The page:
For those of you fortunate enough not to have heard of Burning Mouth Syndrome (BMS), let me introduce you to this debilitating pain condition. BMS is characterized by a burning sensation in the tongue and/or other oral mucosal areas. It is often associated with dry mouth and other taste changes.
Who Gets Burning Mouth Syndrome and What Causes It?
There are 2 categories of BMS: Primary (idiopathic = basically no one knows what causes it) and Secondary (there is an obvious cause such as a yeast overgrowth or a medication). Peri and postmenopausal women have a higher risk of developing this disorder. The puzzling part is that no one knows how or why this strikes some people and not others. There are theories that it might be related to hormonal imbalances or increased mental stress. BMS is often associated with other conditions such as sleep disturbances, depression, and anxiety. [1, 2]
One Size Does NOT Fit All
In the case of Primary BMS, because there is no known cause for this disorder, it’s been difficult to come up with one single effective treatment. Certainly not what sufferers of BMS are hoping to hear. But although there currently is not a one size fits all treatment, it is not completely hopeless. There are different treatment options available, and many have been proven to be helpful in many cases. It’s just a matter of having patience and trying to find a treatment that works for you.
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Using Medications: Clonazepam
Currently, the most frequently prescribed first-line therapy for Primary BMS is clonazepam, an anti-anxiety/anti-convulsant medication. Clonazepam is prescribed in very low doses, crushed, mixed with water into a slurry, and held on the affected area for 3 minutes. And all the while, you are expected not to swallow any of this concoction. One study showed a 75% improvement with clonazepam. Because this low-dose clonazepam is being used topically, there aren’t too many major side effects. However, for those hoping for a more natural solution, clonazepam is still a medication, not a naturally occurring substance. Not to mention that the protocol for using clonazepam isn’t the easiest to comply with. So, are there other options? Yes.
Nature Provides Relief: Alpha Lipoic Acid
If you’re like me and prefer to try non-pharmacological treatments, then I’m here to tell you that you do have an option! A nutraceutical called Alpha Lipoic Acid (ALA). ALA is a compound that naturally occurs in nature, it’s made by plants, animals, and humans. It is made in small quantities in human bodies, so most of it has to come from our diet. ALA plays an important role in glucose metabolism and acts as an antioxidant. So, it protects our cells. ALA is already widely used in the treatment and prevention of diabetic neuropathy, a serious complication of diabetes that results in numbness, muscle weakness, and pain.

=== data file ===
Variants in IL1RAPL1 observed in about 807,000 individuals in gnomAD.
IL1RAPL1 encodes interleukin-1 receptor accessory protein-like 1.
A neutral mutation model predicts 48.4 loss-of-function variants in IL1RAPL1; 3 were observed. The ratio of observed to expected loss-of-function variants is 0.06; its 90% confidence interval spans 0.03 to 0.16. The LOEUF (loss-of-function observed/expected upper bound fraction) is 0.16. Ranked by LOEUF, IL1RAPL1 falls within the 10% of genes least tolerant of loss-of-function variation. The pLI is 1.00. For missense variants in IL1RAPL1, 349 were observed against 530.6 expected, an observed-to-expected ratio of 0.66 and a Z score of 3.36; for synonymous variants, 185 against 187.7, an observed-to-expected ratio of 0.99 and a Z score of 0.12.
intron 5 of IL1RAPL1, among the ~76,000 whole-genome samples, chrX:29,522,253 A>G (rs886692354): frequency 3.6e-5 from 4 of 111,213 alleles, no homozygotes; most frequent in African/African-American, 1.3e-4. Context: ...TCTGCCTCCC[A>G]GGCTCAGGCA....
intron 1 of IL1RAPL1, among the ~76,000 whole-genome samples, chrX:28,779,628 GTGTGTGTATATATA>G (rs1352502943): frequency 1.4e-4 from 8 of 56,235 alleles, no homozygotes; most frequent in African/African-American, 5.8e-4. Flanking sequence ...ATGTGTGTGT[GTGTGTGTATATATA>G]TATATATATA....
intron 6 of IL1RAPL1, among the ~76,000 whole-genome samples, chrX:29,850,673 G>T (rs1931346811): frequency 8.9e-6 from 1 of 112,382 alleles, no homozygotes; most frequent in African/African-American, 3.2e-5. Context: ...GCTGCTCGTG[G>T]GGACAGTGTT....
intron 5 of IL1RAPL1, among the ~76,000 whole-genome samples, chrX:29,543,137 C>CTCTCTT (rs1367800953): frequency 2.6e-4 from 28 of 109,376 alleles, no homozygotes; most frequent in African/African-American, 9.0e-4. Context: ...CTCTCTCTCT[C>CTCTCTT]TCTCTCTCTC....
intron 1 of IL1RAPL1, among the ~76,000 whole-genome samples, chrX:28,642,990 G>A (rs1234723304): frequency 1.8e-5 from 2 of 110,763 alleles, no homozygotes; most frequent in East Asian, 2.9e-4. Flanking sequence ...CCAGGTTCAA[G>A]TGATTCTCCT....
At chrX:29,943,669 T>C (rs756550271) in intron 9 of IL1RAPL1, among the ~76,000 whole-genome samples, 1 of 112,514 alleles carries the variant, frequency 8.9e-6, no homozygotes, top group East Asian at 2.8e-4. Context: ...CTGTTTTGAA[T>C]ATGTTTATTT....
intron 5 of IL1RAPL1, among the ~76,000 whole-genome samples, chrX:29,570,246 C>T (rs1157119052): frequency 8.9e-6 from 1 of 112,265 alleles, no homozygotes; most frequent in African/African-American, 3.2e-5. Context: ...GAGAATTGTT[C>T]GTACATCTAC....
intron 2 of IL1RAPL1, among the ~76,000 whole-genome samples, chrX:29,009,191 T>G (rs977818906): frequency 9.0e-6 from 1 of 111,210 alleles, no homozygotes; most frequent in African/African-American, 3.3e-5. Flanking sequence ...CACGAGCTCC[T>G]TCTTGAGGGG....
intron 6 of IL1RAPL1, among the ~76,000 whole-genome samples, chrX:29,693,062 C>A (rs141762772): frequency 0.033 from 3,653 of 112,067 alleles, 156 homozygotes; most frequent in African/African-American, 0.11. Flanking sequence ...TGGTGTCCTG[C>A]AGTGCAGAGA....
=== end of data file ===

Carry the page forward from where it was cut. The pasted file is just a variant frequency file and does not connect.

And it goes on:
Is ALA Here to Save the Day?
ALA has been used in several trials to manage the symptoms of BMS and the results have been very promising though more studies are still needed. In one double-blinded controlled study of ALA therapy for BMS, there was a significant improvement in pain, compared with placebo, with the majority of test subjects showing some improvement after 2 months, and more than 70% of the subjects maintained this improvement at 1 year.5 Another study found that 66% of test subjects taking ALA with BMS symptoms reported significant improvements compared with only 15% receiving the placebo. The success of these ALA trials on BMS patients suggests that BMS may be a type of neuropathy (damage or dysfunction of a nerve).
Taste Changes and ALA
Interestingly, there’s only been one study on ALA’s effects on idiopathic dysgeusia (an altered perception of taste). This one study showed that ALA therapy resulted in significant improvements in symptoms, suggesting that dysgeusia may also be a type of neuropathy similar to BMS. It will be interesting to see if ALA might be a viable mode of therapy for the growing number of patients suffering from Covid-19 related taste changes.
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- Reyad AA, Mishriky R, Girgis E. Pharmacological and non-pharmacological management of burning mouth syndrome: A systematic review. Dent Med Probl. 2020 Jul-Sep;57(3):295-304. doi: 10.17219/dmp/120991. PMID: 33113291.
- Imamura Y, Okada-Ogawa A, Noma N, Shinozaki T, Watanabe K, Kohashi R, Shinoda M, Wada A, Abe O, Iwata K. A perspective from experimental studies of burning mouth syndrome. J Oral Sci. 2020 Mar 28;62(2):165-169. doi: 10.2334/josnusd.19-0459. Epub 2020 Mar 11. PMID: 32161235.
- Kuten-Shorrer M, Treister NS, Stock S, Kelley JM, Ji YD, Woo SB, Lerman MA, Palmason S, Sonis ST, Villa A. Topical Clonazepam Solution for the Management of Burning Mouth Syndrome: A Retrospective Study. J Oral Facial Pain Headache. 2017 Summer;31(3):257-263. doi: 10.11607/ofph.1754. PMID: 28738111.
- Salehi B, Berkay Yılmaz Y, Antika G, Boyunegmez Tumer T, Fawzi Mahomoodally M, Lobine D, Akram M, Riaz M, Capanoglu E, Sharopov F, Martins N, Cho WC, Sharifi-Rad J. Insights on the Use of α-Lipoic Acid for Therapeutic Purposes. Biomolecules. 2019 Aug 9;9(8):356. doi: 10.3390/biom9080356. PMID: 31405030; PMCID: PMC6723188.
- Femiano F, Scully C. Burning mouth syndrome (BMS): double blind controlled study of alpha-lipoic acid (thioctic acid) therapy. J Oral Pathol Med. 2002 May;31(5):267-9. doi: 10.1034/j.1600-0714.2002.310503.x. PMID: 12110042.
- Femiano F, Gombos F, Scully C, Busciolano M, De Luca P. Burning mouth syndrome (BMS): controlled open trial of the efficacy of alpha-lipoic acid (thioctic acid) on symptomatology. Oral Dis. 2000 Sep;6(5):274-7. doi: 10.1111/j.1601-0825.2000.tb00138.x. PMID: 11002408.
- Femiano F, Scully C, Gombos F. Idiopathic dysgeusia; an open trial of alpha lipoic acid (ALA) therapy. Int J Oral Maxillofac Surg. 2002 Dec;31(6):625-8. doi: 10.1054/ijom.2002.0276. PMID: 12521319.